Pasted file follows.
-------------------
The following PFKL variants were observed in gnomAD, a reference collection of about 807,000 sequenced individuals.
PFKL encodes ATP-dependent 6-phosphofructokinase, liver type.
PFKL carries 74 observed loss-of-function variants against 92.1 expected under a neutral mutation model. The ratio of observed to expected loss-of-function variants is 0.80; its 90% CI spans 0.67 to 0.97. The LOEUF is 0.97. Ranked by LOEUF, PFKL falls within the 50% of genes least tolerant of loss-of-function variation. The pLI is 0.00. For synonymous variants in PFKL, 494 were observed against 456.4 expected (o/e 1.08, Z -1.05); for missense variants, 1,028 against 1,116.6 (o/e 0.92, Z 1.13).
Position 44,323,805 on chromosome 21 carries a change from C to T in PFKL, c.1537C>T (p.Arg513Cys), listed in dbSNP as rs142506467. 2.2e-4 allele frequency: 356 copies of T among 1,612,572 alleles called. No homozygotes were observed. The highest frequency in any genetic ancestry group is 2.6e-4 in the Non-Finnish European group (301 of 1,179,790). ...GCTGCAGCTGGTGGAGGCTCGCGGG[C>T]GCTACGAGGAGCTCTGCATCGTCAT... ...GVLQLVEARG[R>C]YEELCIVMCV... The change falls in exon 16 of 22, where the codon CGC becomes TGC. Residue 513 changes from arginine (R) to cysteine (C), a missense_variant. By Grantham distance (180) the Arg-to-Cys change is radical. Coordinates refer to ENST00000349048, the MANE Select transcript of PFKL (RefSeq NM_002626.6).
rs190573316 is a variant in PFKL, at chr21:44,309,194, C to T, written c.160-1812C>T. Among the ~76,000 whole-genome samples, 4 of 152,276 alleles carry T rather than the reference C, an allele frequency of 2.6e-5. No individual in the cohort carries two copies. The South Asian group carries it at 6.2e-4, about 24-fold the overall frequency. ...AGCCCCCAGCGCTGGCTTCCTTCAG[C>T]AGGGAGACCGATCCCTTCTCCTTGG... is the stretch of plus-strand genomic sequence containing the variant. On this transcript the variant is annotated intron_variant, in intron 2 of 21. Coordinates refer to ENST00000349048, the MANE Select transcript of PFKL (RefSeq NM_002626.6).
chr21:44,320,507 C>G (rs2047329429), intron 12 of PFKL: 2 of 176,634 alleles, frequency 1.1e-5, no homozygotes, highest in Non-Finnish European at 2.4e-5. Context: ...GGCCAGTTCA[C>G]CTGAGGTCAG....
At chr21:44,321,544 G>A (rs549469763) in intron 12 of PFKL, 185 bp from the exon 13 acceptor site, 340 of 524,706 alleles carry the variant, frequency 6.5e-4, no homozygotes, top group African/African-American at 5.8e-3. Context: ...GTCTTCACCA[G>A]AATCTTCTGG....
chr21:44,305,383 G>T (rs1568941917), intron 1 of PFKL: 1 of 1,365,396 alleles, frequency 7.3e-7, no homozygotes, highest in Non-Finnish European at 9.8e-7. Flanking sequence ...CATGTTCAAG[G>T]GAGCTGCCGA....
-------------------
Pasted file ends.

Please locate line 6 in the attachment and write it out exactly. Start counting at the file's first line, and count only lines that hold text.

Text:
chr21:44,320,507 C>G (rs2047329429), intron 12 of PFKL: 2 of 176,634 alleles, frequency 1.1e-5, no homozygotes, highest in Non-Finnish European at 2.4e-5. Context: ...GGCCAGTTCA[C>G]CTGAGGTCAG....